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Image: Jennifer Rotner via Flickr.
Developer TF Cornerstone and investment firm MSD Partners have announced plans to purchase and tear down the Grand Hyatt building adjacent to Grand Central Terminal, the Wall Street Journal reports. The hotel brand will eventually return to the site in a form different from the smoked glass-clad building that was Donald Trump’s first major Manhattan development. In its place will rise a mixed-use project that includes 2 million square feet of high-octane office space. The planned development is one of four new towers in the works as a result of a 2017 Midtown East rezoning aimed at encouraging new office buildings as well as infrastructure improvements in the east side business district.
The times they are a-changin’ in East Midtown
A group of apartments in Midtown owned by late Broadway playwright Neil Simon are on the market, the Wall Street Journal reported on Wednesday. The three apartments are in the Ritz Tower, an Emery Roth-designed 42-story building in Midtown East and range in price from $1.5 million to $2.8 million. Simon, a Pulitzer Prize-winning writer who was best known for plays like “The Odd Couple,” died at age 91 last August.
Take a look around
Tower Fifth rendering by TMRW courtesy Gensler
The developers behind the distinct supertall at 432 Park Avenue want to take a second shot at altering New York City’s skyline. Harry Macklowe submitted a preliminary application to the city’s planning department for a 1,551-foot-tall skyscraper between 51st and 52nd Streets in Midtown across from St. Patrick’s Cathedral, the New York Times reported. If the city approves the project, Tower Fifth, the name given to the proposed tower by Macklowe Properties, would become the second-tallest building in the Western Hemisphere.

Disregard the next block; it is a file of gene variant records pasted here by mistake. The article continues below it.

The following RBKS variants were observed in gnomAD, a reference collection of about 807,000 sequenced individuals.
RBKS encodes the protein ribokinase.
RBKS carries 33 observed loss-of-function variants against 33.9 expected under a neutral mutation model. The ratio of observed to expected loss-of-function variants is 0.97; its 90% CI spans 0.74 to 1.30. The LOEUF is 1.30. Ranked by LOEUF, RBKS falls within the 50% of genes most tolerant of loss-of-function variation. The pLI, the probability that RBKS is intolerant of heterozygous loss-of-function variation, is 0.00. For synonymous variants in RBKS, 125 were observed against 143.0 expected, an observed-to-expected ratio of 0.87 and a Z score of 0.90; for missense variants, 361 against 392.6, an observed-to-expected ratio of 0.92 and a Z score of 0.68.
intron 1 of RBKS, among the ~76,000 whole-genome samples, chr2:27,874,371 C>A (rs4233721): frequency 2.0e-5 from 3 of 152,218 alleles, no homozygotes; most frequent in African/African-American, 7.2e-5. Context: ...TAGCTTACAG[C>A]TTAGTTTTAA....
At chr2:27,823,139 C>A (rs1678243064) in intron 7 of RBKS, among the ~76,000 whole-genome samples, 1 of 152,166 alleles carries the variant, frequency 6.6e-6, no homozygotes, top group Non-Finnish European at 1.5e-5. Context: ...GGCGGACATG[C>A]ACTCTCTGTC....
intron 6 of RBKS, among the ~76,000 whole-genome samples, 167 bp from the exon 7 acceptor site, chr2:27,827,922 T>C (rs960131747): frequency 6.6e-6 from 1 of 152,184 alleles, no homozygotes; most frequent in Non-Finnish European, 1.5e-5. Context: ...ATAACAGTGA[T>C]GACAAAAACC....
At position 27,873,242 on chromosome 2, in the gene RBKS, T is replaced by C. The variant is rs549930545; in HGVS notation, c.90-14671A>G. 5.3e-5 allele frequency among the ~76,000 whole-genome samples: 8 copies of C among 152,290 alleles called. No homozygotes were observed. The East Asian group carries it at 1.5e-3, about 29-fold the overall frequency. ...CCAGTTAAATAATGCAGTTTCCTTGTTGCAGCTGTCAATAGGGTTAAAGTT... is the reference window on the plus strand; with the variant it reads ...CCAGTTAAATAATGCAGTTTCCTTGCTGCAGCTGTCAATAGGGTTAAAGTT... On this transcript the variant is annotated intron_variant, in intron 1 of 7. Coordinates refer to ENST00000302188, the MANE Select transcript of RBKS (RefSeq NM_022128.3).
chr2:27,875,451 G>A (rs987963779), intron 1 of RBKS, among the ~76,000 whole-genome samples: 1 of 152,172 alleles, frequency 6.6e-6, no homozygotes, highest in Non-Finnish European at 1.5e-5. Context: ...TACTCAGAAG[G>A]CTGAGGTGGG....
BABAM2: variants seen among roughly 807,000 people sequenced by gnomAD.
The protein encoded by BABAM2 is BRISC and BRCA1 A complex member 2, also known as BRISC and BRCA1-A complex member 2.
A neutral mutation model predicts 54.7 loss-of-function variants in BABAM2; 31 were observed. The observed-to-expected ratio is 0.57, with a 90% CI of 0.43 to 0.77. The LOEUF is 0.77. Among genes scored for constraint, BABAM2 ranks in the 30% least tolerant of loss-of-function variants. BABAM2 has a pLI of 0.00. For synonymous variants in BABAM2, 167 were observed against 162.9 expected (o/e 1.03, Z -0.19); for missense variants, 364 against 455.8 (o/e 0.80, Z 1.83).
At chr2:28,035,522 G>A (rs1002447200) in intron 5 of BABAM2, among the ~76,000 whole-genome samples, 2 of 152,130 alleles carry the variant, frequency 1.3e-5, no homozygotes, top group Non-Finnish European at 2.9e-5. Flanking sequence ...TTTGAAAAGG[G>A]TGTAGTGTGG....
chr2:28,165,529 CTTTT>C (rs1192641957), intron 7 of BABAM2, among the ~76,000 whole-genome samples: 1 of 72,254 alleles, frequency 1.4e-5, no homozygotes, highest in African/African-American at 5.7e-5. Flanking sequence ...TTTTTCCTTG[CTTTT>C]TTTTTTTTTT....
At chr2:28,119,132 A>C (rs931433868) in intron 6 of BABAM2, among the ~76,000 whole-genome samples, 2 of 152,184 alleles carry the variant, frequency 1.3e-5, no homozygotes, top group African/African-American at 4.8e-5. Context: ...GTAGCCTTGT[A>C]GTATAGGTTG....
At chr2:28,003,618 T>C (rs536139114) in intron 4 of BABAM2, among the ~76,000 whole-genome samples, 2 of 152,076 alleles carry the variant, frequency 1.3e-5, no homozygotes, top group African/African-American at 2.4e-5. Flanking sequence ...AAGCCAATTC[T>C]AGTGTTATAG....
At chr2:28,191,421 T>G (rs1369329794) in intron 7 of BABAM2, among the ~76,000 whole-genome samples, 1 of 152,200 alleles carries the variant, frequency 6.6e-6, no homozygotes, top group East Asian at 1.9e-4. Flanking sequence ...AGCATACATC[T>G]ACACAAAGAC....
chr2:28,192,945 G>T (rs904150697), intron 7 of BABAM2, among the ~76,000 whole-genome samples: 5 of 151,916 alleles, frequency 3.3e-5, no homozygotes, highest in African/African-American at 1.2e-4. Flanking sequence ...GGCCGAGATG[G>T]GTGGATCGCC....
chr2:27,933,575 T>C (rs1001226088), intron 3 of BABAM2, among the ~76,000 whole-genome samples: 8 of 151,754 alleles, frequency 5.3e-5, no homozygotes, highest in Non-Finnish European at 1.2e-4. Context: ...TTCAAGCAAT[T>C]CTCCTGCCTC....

See inside the proposed supertall
The existing 270 Park Avenue, MikePScott via Flickr
Demolition permits were filed Tuesday for the JPMorgan Chase HQ at 270 Park Avenue, CityRealty reports. The building will be the tallest planned demolition in history. The filing is a significant step for the bank on the way to replacing the 1.5-million-square-foot Modernist tower previously known as the Union Carbide Building with a 2.5-million-square-foot skyscraper, to be designed by British Pritzker Prize winner Norman Foster/Foster + Partners architectural firm.
Down with the old, up with the new
Everything goes on sale after Christmas, and that’s certainly true of hedge fund billionaire Steve Cohen’s Beacon Court penthouse at 151 East 58th Street. The SAC Capital Advisors founder bought the 9,000-square-foot duplex for $24 million in 2005 and hired noted architect Charles Gwathmey to give it a once-over. The condo hit the market again in April of 2013 for a whopping $115M (around the time Cohen received a wrist-slap to the tune of $1.2 billion for insider trading). No takers at that price. Or the next one ($82M). Or the one after that ($79M)–you probably get where this is going. Where the five-bedroom aerie on the building’s 51st and 52nd floors ended up today: Deeply discounted to $45 million after eight price cuts adding up to a $70 million drop, making it the heftiest haircut to happen in New York City history according to The Real Deal.